New Action at K-mart Creek


Last year, as many of you know, I wrote some posts about this drainage ditch in front of an empty K-mart Building near here.  There was usually then a constant flow down the arroyo so there was many water birds that frequented there.  Herons, Sandpipers, Egrets, etc.  But for the last year or so, since this drought got a huge foothold over west Texas, it has been dry as a bone.

Not so, right now.  Since we got about three inches in the area about a week ago there is a little water back in there.  So it was a pleasant surprise when we drove by there, on our way home from picking up breakfast from the Golden Arches, that we spotted a Yellow-crowned Night Heron.  He was back-lit from the morning sun and the light wasn’t perfect, but with a little post-processing I came up with these usable images.

Yellow-crowned Night Heron

  • Canon EOS 7D
  • Canon 100-400mm zoom lens
  • 1/125 sec. @ f6.3 – minus 1/3 EV adjustment
  • ISO 400
  • Lens focal distance 400mm
  • Metering – spot
  • Aperture priority

Yellow-crowned Night Heron

  • Canon EOS 7D
  • Canon 100-400mm zoom lens
  • 1/200 sec. @ f6.3 – minus 1/3 EV adjustment
  • ISO 400
  • Lens focal distance 400mm
  • Metering – spot
  • Aperture priority

One thing that I have gotten used to, it to adjust my EV to minus 1/3.  I like to use that as my default, or starting point, rather than no adjustment.  I like the way my tonal qualities are just a tad under exposed, I guess.  I am not saying I am right, but it’s something I prefer to do.  I didn’t used to do that, and I am not really sure when I started doing it.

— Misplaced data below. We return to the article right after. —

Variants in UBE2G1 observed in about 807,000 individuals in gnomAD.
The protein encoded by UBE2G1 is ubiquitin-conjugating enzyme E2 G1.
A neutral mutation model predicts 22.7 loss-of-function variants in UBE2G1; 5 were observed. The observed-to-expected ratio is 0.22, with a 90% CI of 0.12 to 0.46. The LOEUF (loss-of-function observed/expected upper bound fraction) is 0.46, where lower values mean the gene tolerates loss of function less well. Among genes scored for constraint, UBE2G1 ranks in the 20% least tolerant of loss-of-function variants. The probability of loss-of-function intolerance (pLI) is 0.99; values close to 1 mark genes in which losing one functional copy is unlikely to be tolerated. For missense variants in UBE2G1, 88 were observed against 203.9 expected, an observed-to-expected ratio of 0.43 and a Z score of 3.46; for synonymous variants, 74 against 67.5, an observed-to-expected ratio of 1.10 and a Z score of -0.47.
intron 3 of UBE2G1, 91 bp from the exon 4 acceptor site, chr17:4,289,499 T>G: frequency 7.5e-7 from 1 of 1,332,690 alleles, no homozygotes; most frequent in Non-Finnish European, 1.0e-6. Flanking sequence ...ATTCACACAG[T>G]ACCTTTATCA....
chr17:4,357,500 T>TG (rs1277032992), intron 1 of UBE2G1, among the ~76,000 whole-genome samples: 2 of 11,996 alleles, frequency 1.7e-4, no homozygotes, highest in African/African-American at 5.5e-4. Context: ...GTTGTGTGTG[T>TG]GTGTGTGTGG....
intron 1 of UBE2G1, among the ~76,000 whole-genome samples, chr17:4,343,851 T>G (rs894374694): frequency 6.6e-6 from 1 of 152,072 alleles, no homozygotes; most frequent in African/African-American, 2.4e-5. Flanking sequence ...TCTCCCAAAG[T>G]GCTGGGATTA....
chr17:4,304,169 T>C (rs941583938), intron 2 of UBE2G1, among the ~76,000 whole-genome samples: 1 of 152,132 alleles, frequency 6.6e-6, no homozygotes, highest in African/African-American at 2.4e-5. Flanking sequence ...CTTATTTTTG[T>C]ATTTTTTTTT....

By the way, the heron was gone later in the afternoon when I drove by there again.   I’ll keep my eyes on it.  Click on either image to see an enlargement.

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4 thoughts on “New Action at K-mart Creek

  1. What you call “usable”, I call GREAT! I have learned so much from you, I have also learned that an EV adjustment of -1/3, it does tend to give better exposure results (unless shooting at night).

    • Thanks so much, Holly. You are too nice. I am glad to have been an influence on your photographic education. And I thank you for sharing your computerese techie info, too. :-)

    • Thanks for commenting, Ted. It’s also amazing how you and I think alike. I was browsing your profile. When I studied photography, my intentions were to just be a good photographer. I didn’t want to work for a magazine, or newspaper, and have to take assignments. I, like you, had no interest in photographing people, i.e. portraits, school photos, etc. I also, like you, knew that was where the money was. So I just settled on doing what I like. I have been lucky to sell my work at art shows, and the like. I have had a few magazines contact me and bought my work, but those are few and far between.

      Actually, I did make my most money just setting up displays at arts and crafts shows. But, now at my age of 76, it started getting to be too much work, physically. I had to take a smaller trailer to the show venue, unload it and set up which usually took about 2 hours to do it properly. Then on Sunday evening, tear it down and re-load the trailer for the trek back home.

      Now, I sell mostly from word of mouth. But, I don’t press it so much anymore. After all, I need to have time to just have fun and take photographs.

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